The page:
SCOTTSDALE, AZ — Gone are the days of frozen or re-heated cafeteria food. Kids across the Valley are learning firsthand from experienced chefs in the community and they're using their lessons to reimagine the school lunch menu.
The Blue Watermelon Project is a nonprofit that has chefs in 30 schools throughout the Phoenix metro area.
Chef Charleen Badman, the owner of FnB Restaurant in Scottsdale, is the head of the program. Badman says she never imagined she'd be serving up food for students in schools, but 12 years ago she got a call from Ann Colleary Rodarte.
Rodarte helped create a robust garden for students at Echo Canyon School in Scottsdale, but she says they needed some help.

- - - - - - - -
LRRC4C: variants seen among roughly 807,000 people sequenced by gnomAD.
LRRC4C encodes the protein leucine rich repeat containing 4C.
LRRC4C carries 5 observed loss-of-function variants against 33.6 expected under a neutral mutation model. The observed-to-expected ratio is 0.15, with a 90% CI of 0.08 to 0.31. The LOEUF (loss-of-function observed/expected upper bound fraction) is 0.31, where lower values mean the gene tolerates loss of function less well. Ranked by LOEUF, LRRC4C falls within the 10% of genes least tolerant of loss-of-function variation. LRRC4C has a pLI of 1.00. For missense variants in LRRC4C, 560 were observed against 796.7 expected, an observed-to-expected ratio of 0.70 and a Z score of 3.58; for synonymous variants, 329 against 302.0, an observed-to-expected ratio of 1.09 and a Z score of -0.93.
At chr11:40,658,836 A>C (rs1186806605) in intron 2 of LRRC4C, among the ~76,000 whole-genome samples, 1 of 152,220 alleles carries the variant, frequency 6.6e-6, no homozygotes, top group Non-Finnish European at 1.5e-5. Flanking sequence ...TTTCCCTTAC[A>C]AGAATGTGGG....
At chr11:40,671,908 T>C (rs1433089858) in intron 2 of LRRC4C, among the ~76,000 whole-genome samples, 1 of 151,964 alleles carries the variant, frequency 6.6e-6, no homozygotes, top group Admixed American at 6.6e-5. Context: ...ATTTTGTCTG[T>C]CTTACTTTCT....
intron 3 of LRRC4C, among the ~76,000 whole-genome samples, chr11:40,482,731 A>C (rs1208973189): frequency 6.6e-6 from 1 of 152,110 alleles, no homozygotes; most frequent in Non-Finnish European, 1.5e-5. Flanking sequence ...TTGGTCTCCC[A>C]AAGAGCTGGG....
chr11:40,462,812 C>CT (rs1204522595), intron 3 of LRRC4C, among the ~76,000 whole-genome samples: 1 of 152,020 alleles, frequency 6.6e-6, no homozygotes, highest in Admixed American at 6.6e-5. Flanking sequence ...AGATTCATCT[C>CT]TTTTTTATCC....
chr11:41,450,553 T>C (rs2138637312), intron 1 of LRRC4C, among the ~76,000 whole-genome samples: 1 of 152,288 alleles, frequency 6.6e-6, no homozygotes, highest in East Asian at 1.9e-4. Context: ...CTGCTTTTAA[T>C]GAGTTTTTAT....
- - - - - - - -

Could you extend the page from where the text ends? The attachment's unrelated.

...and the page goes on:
"We had these beautiful gardens, and we were planting all kinds of stuff and nobody was interested in eating them," said Rodarte.
She says they needed a real chef to spice things up and get kids excited about eating healthy. So that's where Badman came in.
The program pairs kids up with chef mentors to teach them how to create their own meals with what they've grown. Come January 22, the kids will use what they've learned to compete in "Feeding the Future," an event where they design their own nutritious meals that meet the National School Lunch Program requirements.
"I'm able to see how difficult that job is," Badman said. "I have a lot of leeway in my kitchen that somebody that is producing food for kids in a school does not have."
The winners will get scholarships and prizes. Badman says the goal is to also have the school make the winning dish in the cafeteria at least once.
The event raises money for their program and the public is welcome to attend and taste the dishes.